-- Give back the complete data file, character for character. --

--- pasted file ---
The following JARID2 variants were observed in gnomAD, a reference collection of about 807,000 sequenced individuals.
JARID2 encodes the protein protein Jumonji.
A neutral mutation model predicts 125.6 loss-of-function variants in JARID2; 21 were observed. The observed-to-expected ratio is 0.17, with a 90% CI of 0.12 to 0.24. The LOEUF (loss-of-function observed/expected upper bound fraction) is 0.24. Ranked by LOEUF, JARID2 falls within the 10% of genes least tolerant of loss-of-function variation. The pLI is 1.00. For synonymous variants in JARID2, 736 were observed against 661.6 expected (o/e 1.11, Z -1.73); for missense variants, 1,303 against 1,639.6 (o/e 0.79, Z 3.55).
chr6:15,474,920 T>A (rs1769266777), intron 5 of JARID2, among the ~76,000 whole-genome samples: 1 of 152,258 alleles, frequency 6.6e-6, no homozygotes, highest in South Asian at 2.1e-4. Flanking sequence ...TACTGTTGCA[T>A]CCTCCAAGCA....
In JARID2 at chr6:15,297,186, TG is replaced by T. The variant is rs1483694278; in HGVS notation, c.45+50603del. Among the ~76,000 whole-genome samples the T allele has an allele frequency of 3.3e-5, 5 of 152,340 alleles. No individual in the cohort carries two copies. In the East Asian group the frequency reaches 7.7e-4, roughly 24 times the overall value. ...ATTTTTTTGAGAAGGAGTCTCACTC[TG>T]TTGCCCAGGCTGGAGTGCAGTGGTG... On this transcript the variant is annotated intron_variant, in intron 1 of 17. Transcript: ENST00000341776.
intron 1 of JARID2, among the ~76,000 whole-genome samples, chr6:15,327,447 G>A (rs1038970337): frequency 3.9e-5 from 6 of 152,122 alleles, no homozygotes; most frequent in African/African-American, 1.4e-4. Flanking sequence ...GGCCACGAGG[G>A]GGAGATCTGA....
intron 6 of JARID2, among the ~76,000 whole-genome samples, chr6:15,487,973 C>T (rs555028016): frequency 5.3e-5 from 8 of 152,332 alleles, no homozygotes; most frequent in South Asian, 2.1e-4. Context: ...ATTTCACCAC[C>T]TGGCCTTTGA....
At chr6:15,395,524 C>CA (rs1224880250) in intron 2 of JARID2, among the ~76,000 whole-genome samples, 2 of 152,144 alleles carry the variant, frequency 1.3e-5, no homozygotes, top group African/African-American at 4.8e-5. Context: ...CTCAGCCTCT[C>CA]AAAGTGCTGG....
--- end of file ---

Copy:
The following JARID2 variants were observed in gnomAD, a reference collection of about 807,000 sequenced individuals.
JARID2 encodes the protein protein Jumonji.
A neutral mutation model predicts 125.6 loss-of-function variants in JARID2; 21 were observed. The observed-to-expected ratio is 0.17, with a 90% CI of 0.12 to 0.24. The LOEUF (loss-of-function observed/expected upper bound fraction) is 0.24. Ranked by LOEUF, JARID2 falls within the 10% of genes least tolerant of loss-of-function variation. The pLI is 1.00. For synonymous variants in JARID2, 736 were observed against 661.6 expected (o/e 1.11, Z -1.73); for missense variants, 1,303 against 1,639.6 (o/e 0.79, Z 3.55).
chr6:15,474,920 T>A (rs1769266777), intron 5 of JARID2, among the ~76,000 whole-genome samples: 1 of 152,258 alleles, frequency 6.6e-6, no homozygotes, highest in South Asian at 2.1e-4. Flanking sequence ...TACTGTTGCA[T>A]CCTCCAAGCA....
In JARID2 at chr6:15,297,186, TG is replaced by T. The variant is rs1483694278; in HGVS notation, c.45+50603del. Among the ~76,000 whole-genome samples the T allele has an allele frequency of 3.3e-5, 5 of 152,340 alleles. No individual in the cohort carries two copies. In the East Asian group the frequency reaches 7.7e-4, roughly 24 times the overall value. ...ATTTTTTTGAGAAGGAGTCTCACTC[TG>T]TTGCCCAGGCTGGAGTGCAGTGGTG... On this transcript the variant is annotated intron_variant, in intron 1 of 17. Transcript: ENST00000341776.
intron 1 of JARID2, among the ~76,000 whole-genome samples, chr6:15,327,447 G>A (rs1038970337): frequency 3.9e-5 from 6 of 152,122 alleles, no homozygotes; most frequent in African/African-American, 1.4e-4. Flanking sequence ...GGCCACGAGG[G>A]GGAGATCTGA....
intron 6 of JARID2, among the ~76,000 whole-genome samples, chr6:15,487,973 C>T (rs555028016): frequency 5.3e-5 from 8 of 152,332 alleles, no homozygotes; most frequent in South Asian, 2.1e-4. Context: ...ATTTCACCAC[C>T]TGGCCTTTGA....
At chr6:15,395,524 C>CA (rs1224880250) in intron 2 of JARID2, among the ~76,000 whole-genome samples, 2 of 152,144 alleles carry the variant, frequency 1.3e-5, no homozygotes, top group African/African-American at 4.8e-5. Context: ...CTCAGCCTCT[C>CA]AAAGTGCTGG....